“For some people, that might sound like good news,” Koskinen said. “But a big part of the reason we do compliance activities is to make sure those folks who are trying to comply can be confident that the system is fair and everyone is paying their taxes. If I’m paying my fair share of taxes, but I see others who don’t and get away with it, I’ll be a lot less motivated to be tax compliant in the future.”
A 1 percent cut to the IRS compliance rate would mean a revenue loss of $30 billion, roughly the combined budget for the Environmental Protection Agency, Commerce Department and Social Security Administration.
“We don’t have enough people anywhere in the organization,” Koskinen said. “If we could just hold our own and quit losing people [that] would be a start. We do need more people, our IT groups are understaffed, enforcement; hopefully if you made [the tax code] really simple we’d have fewer enforcement issues. But in light of all the discussions going on there’s not a scenario I see that is going to markedly lower the burden we have and of course at the front end we’d have a significant challenge implementing whatever those changes are.”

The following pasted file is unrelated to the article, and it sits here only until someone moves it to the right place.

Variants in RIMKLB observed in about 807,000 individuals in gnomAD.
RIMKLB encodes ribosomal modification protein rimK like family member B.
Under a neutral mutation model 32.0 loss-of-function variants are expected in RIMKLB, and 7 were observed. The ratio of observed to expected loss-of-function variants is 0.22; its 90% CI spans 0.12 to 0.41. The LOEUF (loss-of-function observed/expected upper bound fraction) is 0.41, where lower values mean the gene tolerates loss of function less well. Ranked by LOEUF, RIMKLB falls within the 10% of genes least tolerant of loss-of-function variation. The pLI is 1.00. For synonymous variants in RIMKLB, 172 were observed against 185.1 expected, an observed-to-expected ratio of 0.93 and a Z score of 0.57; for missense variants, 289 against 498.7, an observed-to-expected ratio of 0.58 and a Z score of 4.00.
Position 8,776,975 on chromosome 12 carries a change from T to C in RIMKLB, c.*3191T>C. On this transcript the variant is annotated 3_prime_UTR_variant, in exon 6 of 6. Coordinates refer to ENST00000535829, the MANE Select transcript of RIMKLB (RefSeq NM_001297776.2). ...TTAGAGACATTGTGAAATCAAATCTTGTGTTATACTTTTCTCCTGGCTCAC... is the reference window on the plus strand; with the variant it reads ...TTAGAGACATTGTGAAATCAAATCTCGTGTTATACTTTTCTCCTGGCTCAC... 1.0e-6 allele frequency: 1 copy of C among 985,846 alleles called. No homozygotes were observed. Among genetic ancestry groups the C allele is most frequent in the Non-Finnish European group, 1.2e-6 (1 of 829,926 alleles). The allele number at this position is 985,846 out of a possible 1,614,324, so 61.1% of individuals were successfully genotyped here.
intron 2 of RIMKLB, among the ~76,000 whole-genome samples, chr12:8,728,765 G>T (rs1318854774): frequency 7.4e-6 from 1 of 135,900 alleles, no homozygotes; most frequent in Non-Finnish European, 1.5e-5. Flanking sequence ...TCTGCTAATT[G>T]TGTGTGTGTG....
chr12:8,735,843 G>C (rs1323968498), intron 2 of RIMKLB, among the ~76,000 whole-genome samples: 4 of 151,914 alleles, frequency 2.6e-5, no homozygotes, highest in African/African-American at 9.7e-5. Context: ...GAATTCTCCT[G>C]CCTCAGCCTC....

While there’s been talk of tax reform, Koskinen clarified that the agency “does tax administration, not tax policy. Policy decisions are the domain of the administration and Congress. The IRS doesn’t have a dog in any fight about policy issues being considered in Congress.”
“There’s a good chance we could have a major piece of legislation to implement before long, if Congress passes a tax reform bill,” Koskinen said. “I’m an optimist by nature, so I’m hopeful that Congress will understand we need the resources to carry out any new mandates that are enacted.”
Despite a shrinking budget and workforce, the commissioner said the agency has continued to look for ways to address the growing workload and modern day expectations.
One customer service tool being tested would “allow for secure online messaging between taxpayers and the IRS — to communicate about issues that come up on their return,” Koskinen said. “This will help us resolve these issues much faster than the current way, which is to send a letter to the taxpayer and then wait for a response through the mail.”
Koskinen said agency research shows customers want to communicate online with the IRS.
“I’m often asked why we can’t move faster to develop online accounts,” Koskinen said. “It’s something that will take time, because it has to be done carefully. A big challenge facing us is making sure these accounts are secure and well protected.”
Fraudsters and scammers are targeting IRS and taxpayers, even as the agency blocks those attempts at a record pace.